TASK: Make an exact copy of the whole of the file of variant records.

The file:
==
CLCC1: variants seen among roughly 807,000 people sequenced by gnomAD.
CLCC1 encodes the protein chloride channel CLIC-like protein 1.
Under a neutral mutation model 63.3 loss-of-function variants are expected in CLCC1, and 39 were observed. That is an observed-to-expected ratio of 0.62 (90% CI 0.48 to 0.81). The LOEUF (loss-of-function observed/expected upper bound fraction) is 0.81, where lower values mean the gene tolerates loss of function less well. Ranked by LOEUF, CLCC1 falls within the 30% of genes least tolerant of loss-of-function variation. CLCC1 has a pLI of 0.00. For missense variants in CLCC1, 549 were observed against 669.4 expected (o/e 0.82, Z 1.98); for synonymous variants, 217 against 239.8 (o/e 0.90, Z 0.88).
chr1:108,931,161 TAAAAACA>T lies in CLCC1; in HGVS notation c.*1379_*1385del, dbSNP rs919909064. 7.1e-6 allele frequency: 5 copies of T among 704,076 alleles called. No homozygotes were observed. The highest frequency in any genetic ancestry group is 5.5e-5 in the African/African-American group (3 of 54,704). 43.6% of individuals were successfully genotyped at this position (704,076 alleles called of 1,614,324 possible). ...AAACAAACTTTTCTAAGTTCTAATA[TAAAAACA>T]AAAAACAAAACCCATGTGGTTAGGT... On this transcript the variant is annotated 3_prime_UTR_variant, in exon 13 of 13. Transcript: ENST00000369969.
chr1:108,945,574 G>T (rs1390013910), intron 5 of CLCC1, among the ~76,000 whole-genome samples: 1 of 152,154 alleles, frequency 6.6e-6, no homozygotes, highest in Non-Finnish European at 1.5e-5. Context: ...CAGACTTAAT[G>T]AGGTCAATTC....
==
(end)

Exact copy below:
CLCC1: variants seen among roughly 807,000 people sequenced by gnomAD.
CLCC1 encodes the protein chloride channel CLIC-like protein 1.
Under a neutral mutation model 63.3 loss-of-function variants are expected in CLCC1, and 39 were observed. That is an observed-to-expected ratio of 0.62 (90% CI 0.48 to 0.81). The LOEUF (loss-of-function observed/expected upper bound fraction) is 0.81, where lower values mean the gene tolerates loss of function less well. Ranked by LOEUF, CLCC1 falls within the 30% of genes least tolerant of loss-of-function variation. CLCC1 has a pLI of 0.00. For missense variants in CLCC1, 549 were observed against 669.4 expected (o/e 0.82, Z 1.98); for synonymous variants, 217 against 239.8 (o/e 0.90, Z 0.88).
chr1:108,931,161 TAAAAACA>T lies in CLCC1; in HGVS notation c.*1379_*1385del, dbSNP rs919909064. 7.1e-6 allele frequency: 5 copies of T among 704,076 alleles called. No homozygotes were observed. The highest frequency in any genetic ancestry group is 5.5e-5 in the African/African-American group (3 of 54,704). 43.6% of individuals were successfully genotyped at this position (704,076 alleles called of 1,614,324 possible). ...AAACAAACTTTTCTAAGTTCTAATA[TAAAAACA>T]AAAAACAAAACCCATGTGGTTAGGT... On this transcript the variant is annotated 3_prime_UTR_variant, in exon 13 of 13. Transcript: ENST00000369969.
chr1:108,945,574 G>T (rs1390013910), intron 5 of CLCC1, among the ~76,000 whole-genome samples: 1 of 152,154 alleles, frequency 6.6e-6, no homozygotes, highest in Non-Finnish European at 1.5e-5. Context: ...CAGACTTAAT[G>T]AGGTCAATTC....